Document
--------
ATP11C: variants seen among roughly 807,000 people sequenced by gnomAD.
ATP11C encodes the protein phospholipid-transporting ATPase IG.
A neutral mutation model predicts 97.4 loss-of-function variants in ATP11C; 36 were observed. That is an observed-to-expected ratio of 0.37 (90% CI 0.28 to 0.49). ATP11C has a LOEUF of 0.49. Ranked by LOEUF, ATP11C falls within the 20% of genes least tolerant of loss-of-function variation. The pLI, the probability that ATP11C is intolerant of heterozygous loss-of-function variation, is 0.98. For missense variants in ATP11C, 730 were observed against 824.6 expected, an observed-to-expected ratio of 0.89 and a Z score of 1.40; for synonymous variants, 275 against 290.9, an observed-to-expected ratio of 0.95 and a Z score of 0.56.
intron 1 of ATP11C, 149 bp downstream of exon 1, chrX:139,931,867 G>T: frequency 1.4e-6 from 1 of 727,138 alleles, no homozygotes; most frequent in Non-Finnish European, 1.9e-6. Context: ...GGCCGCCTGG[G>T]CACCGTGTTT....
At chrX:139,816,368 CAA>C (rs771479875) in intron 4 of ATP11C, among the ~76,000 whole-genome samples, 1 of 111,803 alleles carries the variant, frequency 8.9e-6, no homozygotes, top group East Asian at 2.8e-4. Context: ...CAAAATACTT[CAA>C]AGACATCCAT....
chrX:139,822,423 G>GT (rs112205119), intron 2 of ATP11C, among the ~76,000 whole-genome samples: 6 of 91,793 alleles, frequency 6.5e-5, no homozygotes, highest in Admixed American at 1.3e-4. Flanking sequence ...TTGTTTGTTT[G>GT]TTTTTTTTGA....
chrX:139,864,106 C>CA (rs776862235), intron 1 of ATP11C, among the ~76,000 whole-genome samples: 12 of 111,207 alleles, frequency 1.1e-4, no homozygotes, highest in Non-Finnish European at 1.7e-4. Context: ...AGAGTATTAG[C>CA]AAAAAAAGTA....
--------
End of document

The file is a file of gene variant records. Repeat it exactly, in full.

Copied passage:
ATP11C: variants seen among roughly 807,000 people sequenced by gnomAD.
ATP11C encodes the protein phospholipid-transporting ATPase IG.
A neutral mutation model predicts 97.4 loss-of-function variants in ATP11C; 36 were observed. That is an observed-to-expected ratio of 0.37 (90% CI 0.28 to 0.49). ATP11C has a LOEUF of 0.49. Ranked by LOEUF, ATP11C falls within the 20% of genes least tolerant of loss-of-function variation. The pLI, the probability that ATP11C is intolerant of heterozygous loss-of-function variation, is 0.98. For missense variants in ATP11C, 730 were observed against 824.6 expected, an observed-to-expected ratio of 0.89 and a Z score of 1.40; for synonymous variants, 275 against 290.9, an observed-to-expected ratio of 0.95 and a Z score of 0.56.
intron 1 of ATP11C, 149 bp downstream of exon 1, chrX:139,931,867 G>T: frequency 1.4e-6 from 1 of 727,138 alleles, no homozygotes; most frequent in Non-Finnish European, 1.9e-6. Context: ...GGCCGCCTGG[G>T]CACCGTGTTT....
At chrX:139,816,368 CAA>C (rs771479875) in intron 4 of ATP11C, among the ~76,000 whole-genome samples, 1 of 111,803 alleles carries the variant, frequency 8.9e-6, no homozygotes, top group East Asian at 2.8e-4. Context: ...CAAAATACTT[CAA>C]AGACATCCAT....
chrX:139,822,423 G>GT (rs112205119), intron 2 of ATP11C, among the ~76,000 whole-genome samples: 6 of 91,793 alleles, frequency 6.5e-5, no homozygotes, highest in Admixed American at 1.3e-4. Flanking sequence ...TTGTTTGTTT[G>GT]TTTTTTTTGA....
chrX:139,864,106 C>CA (rs776862235), intron 1 of ATP11C, among the ~76,000 whole-genome samples: 12 of 111,207 alleles, frequency 1.1e-4, no homozygotes, highest in Non-Finnish European at 1.7e-4. Context: ...AGAGTATTAG[C>CA]AAAAAAAGTA....